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Vanity Fair's 'brutal' John McCain profile: 7 highlights
He doesn't have a life outside the Senate and hates Obama so much he can't bear to look at him. What else do we learn about McCain?
 
The Senate is McCain's whole life, reports Vanity Fair, and the former-maverick would be undone if he lost it.
The Senate is McCain's whole life, reports Vanity Fair, and the former-maverick would be undone if he lost it.
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"The prevailing question about John McCain this year is: What happened?" says Todd Purdum in Vanity Fair. In a lengthy profile of Arizona's senior senator in November's Vanity Fair, Purdum attempts to trace how McCain morphed from "the nation's most popular politician" a decade ago into an "almost unrecognizable" creature apparently willing to jettison all principle to keep his Senate seat. Here are seven takeaways:

McCain fooled the media for years
With Sen. McCain seemingly abandoning the principled independence that long defined him, Purdum says, supporters and reporters (often, the same people) are wondering if the "refreshingly unpredictable" maverick "ever truly existed." Probably not, Purdum concludes. McCain is, and always has been, a "ruthless and self-centered survivor" whose "principal goal has always been self-preservation." Purdum has penned a pleasantly "brutal" exposé, says Mark Schmitt in The American Prospect. But the real story seems to be about how credulous reporters like Purdum helped "a totally imagined figure" dominate U.S. politics for more than a decade. 

His favorite animal: The rat
To illustrate his contention that McCain is first and foremost a political survivalist, Purdum relates an anecdote from McCain's former, longtime press secretary, Torie Clarke. At one point, Purdum says, McCain told Clarke "that his favorite animal was the rat, because it is cunning and eats well."

McCain really, really dislikes President Obama
"McCain's distaste for Obama is deeply personal," Purdum says, and one former adviser thinks McCain is letting this animosity "get in the way of actually influencing the debate" on topics like war policy. White House aides recall one meeting between Obama and Senate Republicans in May during which McCain accused Obama of misrepresenting Arizona's controversial immigration law. "He would not look at the president, even when he was talking to him," the aide tells Purdum. "You can tell he can barely f--king stand the fact that he was beaten by Barack Obama." This is Purdum's "biggest takeaway," says Matt DeLong in The Washington Post, but keep in mind, that we are seeing the episode "all through the eyes of people who work for Obama."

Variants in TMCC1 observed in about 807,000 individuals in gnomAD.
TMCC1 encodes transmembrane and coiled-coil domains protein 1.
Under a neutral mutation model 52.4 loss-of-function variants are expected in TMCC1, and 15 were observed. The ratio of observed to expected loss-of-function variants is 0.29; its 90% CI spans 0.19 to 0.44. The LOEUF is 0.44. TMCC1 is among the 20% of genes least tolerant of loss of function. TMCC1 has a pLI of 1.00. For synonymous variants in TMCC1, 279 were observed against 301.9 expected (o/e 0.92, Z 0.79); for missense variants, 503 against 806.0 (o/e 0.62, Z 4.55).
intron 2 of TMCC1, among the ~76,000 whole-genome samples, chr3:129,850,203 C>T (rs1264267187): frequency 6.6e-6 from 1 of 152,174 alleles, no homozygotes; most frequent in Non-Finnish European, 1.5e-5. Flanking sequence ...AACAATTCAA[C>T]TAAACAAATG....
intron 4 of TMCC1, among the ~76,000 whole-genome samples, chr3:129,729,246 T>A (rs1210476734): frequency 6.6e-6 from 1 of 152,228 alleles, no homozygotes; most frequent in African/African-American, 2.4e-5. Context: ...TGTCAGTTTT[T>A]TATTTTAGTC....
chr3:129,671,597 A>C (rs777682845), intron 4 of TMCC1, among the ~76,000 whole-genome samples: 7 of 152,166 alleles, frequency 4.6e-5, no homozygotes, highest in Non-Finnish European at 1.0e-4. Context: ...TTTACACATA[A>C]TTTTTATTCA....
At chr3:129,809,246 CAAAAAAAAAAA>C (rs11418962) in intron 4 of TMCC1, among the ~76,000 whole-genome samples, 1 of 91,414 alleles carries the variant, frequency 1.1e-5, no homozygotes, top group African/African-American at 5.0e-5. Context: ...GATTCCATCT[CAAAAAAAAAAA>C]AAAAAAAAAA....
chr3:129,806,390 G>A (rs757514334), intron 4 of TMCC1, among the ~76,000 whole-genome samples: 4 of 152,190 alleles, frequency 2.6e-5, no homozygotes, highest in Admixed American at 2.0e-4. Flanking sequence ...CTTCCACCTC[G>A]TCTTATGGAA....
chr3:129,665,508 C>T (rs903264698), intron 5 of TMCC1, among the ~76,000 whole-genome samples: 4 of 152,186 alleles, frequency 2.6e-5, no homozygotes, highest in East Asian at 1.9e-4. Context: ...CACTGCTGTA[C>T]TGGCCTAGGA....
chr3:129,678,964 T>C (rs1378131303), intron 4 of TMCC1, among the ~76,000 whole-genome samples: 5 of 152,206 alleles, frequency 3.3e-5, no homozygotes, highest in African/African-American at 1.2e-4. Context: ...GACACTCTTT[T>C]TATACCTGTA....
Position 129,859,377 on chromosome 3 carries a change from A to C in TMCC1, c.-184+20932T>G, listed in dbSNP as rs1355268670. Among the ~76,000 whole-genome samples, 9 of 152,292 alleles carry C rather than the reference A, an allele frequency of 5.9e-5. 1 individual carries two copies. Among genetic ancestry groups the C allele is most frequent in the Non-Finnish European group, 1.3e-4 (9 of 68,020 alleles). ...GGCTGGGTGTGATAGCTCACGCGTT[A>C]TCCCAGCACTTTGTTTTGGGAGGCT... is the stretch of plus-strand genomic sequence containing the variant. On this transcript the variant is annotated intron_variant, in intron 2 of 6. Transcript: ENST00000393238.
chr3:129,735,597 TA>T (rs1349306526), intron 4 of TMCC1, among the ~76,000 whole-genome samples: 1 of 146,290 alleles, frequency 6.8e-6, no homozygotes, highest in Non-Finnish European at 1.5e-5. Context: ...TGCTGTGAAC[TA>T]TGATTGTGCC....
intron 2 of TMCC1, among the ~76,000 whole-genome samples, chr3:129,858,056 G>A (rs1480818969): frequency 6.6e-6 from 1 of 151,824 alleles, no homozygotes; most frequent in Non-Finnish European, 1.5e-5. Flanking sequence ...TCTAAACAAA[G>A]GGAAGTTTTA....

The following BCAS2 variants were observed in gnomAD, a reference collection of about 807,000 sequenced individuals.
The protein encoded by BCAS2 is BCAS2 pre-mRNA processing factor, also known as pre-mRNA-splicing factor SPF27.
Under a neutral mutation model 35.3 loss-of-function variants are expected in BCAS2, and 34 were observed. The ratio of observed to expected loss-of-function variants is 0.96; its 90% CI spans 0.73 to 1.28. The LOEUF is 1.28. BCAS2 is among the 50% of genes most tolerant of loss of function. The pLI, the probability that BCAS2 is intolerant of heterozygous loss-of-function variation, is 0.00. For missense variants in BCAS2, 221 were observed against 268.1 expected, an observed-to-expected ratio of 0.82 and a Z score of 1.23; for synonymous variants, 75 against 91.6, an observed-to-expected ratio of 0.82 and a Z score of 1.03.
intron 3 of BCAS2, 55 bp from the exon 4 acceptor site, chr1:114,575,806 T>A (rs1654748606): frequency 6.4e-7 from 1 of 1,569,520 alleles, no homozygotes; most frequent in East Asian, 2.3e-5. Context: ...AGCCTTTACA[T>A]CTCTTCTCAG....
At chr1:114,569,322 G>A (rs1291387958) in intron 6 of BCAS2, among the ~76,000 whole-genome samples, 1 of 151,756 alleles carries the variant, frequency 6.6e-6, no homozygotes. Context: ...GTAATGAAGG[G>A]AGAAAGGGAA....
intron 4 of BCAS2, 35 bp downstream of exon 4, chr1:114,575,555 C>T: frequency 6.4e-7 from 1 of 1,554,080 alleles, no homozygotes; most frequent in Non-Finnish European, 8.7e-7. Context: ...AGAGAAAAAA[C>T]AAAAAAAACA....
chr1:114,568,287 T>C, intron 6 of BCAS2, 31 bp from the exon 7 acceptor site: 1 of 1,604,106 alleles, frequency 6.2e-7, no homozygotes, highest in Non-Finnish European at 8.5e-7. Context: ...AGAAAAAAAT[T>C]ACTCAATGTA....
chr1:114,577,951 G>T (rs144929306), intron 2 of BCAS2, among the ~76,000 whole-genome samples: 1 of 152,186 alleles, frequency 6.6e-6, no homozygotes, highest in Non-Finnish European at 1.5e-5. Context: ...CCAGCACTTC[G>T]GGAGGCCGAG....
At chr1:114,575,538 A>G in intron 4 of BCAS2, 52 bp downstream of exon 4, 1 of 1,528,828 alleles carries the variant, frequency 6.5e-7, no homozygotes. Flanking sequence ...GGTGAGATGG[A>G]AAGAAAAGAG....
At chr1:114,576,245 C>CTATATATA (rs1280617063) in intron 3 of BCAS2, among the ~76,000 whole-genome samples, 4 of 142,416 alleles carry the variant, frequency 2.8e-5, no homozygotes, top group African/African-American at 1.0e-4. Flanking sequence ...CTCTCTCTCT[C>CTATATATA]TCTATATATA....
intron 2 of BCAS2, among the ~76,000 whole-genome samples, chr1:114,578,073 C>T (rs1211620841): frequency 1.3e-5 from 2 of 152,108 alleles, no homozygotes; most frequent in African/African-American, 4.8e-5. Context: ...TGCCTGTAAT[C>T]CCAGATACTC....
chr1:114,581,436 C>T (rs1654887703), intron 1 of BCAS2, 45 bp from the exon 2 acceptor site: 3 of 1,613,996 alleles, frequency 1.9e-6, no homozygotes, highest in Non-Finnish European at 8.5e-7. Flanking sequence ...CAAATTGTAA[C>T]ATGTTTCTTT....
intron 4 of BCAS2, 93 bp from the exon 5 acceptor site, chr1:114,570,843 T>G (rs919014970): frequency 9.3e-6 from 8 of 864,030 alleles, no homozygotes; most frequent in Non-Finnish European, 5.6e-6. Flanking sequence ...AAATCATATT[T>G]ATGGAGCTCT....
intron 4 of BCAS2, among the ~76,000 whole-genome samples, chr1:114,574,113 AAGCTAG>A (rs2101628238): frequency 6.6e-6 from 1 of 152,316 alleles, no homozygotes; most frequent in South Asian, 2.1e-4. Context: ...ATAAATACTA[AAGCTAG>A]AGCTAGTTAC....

He defines himself by his enemies
Rather than fighting for something, McCain "has defined himself most clearly in opposition to an enemy," Purdum says — be it his North Vietnamese captors, George W. Bush, or Obama. That is what's behind his big, "sometimes spectacular," influence-building fights, too — campaign finance reform, opposition to the Bush tax cuts, immigration reform. This self-serving, unpredictable scrappiness "is the bracing reality of John McCain. It is the tragedy, too." 

His most enduring legacy: Sarah Palin
Picking Palin as his 2008 running mate was not only "the apogee of his hotheaded, cold-blooded self-protectiveness," says Purdum. It is also "surely the single most cynical decision he ever made in nearly 30 years in public life." He has stood by his decision and defended it, but for better or worse, after all his years in Congress, "making Sarah Palin into one of the most influential people in the Republican Party may turn out to be McCain’s most lasting political legacy to his country."

The Senate is his life
"It seems safe to say that McCain would be undone by losing his Senate seat," Purdum says. He has no hobbies, "beyond cooking ribs and watching birds at his cabin," and the Senate is his "whole life, his reason for being." And family history isn't on his side: Neither his father nor grandfather, both admirals, survived long after their careers ended.

But he isn't particularly popular there
From his election to the Senate in 1986 until his "maverick" phase, McCain was "a reliable conservative Republican," Purdum says. But "he was never a team player, never popular with his Republican colleagues, with whom he publicly quarreled on the slightest pretext." That "made him seem more independent," but "for more than two decades, the overriding majority of his Senate colleagues, in both parties, have repaid his angry outbursts against them with active and unrelenting dislike."

Read the full article at Vanity Fair.

 

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